Web Excursions 2021-05-03

🌟 [Post of The Day] Will Linux phones stay around this time?

  • a short list of main reasons of failure per effort

    • Openmoko: Financial issues,

    • Nokia (Maemo/Meego): Change in corporate strategy (new CEO),

    • HP (webOS): Change in corporate strategy (new CEO),

    • Mozilla (FirefoxOS): Change in "Corporate" strategy (shifting focus to IOT),

    • Canonical (Ubuntu Touch): Change in Corporate strategy (shifting focus to cloud and profitability).

  • now, we have a quite different situation: The year over year improvement in smartphone technology is arguably decreasing and the market can be assumed saturated.

  • Purism

    • develop their own software in house,

    • taking a clever, minimalist, community-enabling approach which is working quite well.

    • Taking as much as possible from and working with upstream projects and developing the little things they need to do:

    • not good at shipping phones: They recently have announced further delays and price increses

  • PINE64

    • PINE64 has been better at shipping their PinePhone.

    • Openmoko supposedly had 10,000 phones shipped in 2009, PINE64 have already shipped more than 3 times that amount.

    • it means that there's a relatively large community of both developers

  • Even if we were to remain limited in hardware to PinePhone and Librem 5,

    • postmarketOS and other efforts like Droidian are bringing all that newer Linux Phone software goodness to more devices.

    • projects like Ubuntu Touch and Jolla's Sailfish OS have been churning on all the time and seem to keep going.

  • What's needed though is that there's a good collaboration and care.

Will Linux phones stay around this time? | Hacker News

  • j-james, disputing: I don't understand the desire for a Linux phone as so described in the article as a daily driver.

    • The Android platform represents an enormous amount of work that encompasses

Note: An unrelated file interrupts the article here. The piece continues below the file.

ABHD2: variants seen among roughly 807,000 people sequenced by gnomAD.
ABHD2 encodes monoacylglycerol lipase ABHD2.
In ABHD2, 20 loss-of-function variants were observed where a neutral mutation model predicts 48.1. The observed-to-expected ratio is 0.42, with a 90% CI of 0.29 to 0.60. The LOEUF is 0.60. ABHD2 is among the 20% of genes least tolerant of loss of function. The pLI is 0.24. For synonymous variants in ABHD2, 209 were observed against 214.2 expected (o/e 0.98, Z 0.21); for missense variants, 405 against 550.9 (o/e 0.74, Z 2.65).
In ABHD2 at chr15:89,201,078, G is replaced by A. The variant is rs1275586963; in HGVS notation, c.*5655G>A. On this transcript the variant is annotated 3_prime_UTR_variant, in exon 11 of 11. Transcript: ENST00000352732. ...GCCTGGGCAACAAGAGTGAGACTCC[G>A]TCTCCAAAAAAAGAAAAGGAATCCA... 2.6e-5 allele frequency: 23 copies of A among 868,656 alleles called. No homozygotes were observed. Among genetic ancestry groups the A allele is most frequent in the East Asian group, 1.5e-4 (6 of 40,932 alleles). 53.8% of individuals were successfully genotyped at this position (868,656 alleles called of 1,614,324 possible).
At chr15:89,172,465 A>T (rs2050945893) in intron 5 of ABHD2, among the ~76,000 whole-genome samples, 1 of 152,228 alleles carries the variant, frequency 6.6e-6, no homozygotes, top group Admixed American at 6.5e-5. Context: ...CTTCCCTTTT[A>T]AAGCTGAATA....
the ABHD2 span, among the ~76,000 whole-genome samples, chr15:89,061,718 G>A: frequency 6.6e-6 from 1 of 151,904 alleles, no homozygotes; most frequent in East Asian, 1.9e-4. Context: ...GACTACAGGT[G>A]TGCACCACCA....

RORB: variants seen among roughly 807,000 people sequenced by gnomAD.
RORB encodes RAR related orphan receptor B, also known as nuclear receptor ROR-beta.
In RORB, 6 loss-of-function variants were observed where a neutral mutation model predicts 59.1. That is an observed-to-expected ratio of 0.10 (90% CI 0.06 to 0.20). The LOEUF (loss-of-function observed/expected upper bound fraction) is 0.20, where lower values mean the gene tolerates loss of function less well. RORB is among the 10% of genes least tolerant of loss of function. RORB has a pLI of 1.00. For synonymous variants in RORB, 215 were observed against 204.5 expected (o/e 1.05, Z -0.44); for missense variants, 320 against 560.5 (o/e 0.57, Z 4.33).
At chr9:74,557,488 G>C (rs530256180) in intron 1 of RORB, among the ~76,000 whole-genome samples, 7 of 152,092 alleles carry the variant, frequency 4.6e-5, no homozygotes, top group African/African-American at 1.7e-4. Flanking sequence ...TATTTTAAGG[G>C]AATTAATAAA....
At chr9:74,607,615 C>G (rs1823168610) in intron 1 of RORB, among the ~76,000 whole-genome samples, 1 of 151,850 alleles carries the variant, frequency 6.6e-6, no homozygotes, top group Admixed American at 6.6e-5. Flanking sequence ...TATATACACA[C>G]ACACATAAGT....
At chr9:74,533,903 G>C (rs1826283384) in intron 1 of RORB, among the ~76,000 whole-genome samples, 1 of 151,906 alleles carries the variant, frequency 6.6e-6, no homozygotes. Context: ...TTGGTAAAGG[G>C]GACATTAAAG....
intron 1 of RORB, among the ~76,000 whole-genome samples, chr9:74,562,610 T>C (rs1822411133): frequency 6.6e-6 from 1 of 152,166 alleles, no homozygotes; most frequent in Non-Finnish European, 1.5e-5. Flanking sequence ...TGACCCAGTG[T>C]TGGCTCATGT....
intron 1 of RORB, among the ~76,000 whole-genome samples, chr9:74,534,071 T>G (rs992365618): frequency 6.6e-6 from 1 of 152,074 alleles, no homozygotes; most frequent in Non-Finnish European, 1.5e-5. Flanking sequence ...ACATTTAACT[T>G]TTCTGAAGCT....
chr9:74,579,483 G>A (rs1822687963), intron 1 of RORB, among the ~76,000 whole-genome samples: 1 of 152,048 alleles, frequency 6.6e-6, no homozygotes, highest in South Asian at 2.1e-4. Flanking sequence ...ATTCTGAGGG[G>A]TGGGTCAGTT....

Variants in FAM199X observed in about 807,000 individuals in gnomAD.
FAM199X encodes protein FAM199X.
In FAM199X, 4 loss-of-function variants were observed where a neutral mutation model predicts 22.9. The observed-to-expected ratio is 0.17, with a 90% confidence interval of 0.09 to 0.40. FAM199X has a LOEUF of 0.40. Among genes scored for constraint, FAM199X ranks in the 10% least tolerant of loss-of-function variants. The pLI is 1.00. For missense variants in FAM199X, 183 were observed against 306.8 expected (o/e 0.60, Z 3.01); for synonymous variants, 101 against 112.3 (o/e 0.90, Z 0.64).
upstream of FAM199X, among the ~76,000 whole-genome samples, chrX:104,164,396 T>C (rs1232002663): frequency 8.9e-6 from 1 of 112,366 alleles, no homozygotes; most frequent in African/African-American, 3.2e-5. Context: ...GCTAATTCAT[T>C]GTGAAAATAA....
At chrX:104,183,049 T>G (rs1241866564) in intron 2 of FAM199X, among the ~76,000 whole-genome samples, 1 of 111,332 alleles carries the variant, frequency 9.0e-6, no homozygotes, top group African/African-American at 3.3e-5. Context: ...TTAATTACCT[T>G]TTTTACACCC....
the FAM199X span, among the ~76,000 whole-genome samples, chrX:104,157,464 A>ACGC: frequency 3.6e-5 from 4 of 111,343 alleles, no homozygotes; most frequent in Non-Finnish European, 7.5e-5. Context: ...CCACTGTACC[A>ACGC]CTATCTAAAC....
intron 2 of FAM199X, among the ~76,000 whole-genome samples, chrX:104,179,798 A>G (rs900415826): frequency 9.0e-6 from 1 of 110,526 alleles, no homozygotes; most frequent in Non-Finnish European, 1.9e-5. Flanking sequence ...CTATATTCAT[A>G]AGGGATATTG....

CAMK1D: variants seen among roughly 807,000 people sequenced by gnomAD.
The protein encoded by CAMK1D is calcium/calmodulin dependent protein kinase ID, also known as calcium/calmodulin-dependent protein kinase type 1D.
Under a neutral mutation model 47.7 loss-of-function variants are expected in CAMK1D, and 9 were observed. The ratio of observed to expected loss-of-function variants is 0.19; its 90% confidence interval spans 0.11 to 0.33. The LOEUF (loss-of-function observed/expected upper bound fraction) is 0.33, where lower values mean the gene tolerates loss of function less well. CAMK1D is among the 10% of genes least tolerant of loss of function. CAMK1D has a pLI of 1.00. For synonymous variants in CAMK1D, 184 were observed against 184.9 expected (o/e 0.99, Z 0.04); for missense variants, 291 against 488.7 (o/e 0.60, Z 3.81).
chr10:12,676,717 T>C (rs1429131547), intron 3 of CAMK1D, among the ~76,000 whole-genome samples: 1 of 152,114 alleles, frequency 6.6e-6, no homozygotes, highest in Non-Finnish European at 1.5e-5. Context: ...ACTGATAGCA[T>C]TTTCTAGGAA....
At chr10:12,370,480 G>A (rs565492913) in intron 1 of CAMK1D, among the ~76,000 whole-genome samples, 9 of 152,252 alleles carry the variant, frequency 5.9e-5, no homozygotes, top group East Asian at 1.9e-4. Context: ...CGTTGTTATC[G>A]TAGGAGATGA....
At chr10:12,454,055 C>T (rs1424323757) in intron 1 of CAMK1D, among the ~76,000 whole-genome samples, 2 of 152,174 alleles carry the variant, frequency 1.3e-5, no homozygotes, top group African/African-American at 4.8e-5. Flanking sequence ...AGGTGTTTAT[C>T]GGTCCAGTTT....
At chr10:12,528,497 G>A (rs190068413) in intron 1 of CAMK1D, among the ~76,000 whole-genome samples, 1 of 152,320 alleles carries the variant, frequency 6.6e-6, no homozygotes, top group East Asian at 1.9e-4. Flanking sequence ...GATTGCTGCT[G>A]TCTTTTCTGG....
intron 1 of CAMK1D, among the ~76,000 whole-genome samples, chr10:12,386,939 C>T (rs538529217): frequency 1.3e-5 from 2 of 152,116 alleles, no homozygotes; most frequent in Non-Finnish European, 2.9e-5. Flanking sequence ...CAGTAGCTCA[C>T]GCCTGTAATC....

• a more secure base kernel,

      • an unparalleled selection of applications designed for mobile usage and written in a memory-safe language,

      • fantastic sandboxing and user privacy features leagues ahead of any desktop operating system,

      • and great diversity in the hardware market.

    • significant downsides are problems that can be solved. It doesn't make sense to throw the baby out with the bathwater.

    • Closed-source applications are more a moral problem than a security one thanks to Android's sandboxing, and a vibrant ecosystem of high-quality free-and-open-source Android applications makes them all but optional.

  • AussieWog93, commenting: I'd be shocked if it took off. The FOSS development paradigm seems to be allergic to good UI design, and this is far more important for people on mobile than desktop.

    • drums8787, corroborating: I suspect a lot of FOSS developers are CLI first type users

      • they are mostly not working in environments where GUI UX designers are part of the process.

      • good UX design doesn’t happen by committee.


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A Tech Company Tried to Limit What Employees Talk About at Work. It Didn’t Go Well.

  • In March, the company [Harmon Brothers LLC, a Provo, Utah-based digital marketing startup of 50] made a new rule: employees who want to post a link to the company Slack must first make a video explaining their thoughts about the link; anyone who wants to respond must record a video of their own.

  • Last September, the [Facebook] made it so employees could opt in or out of seeing such content in their work feed.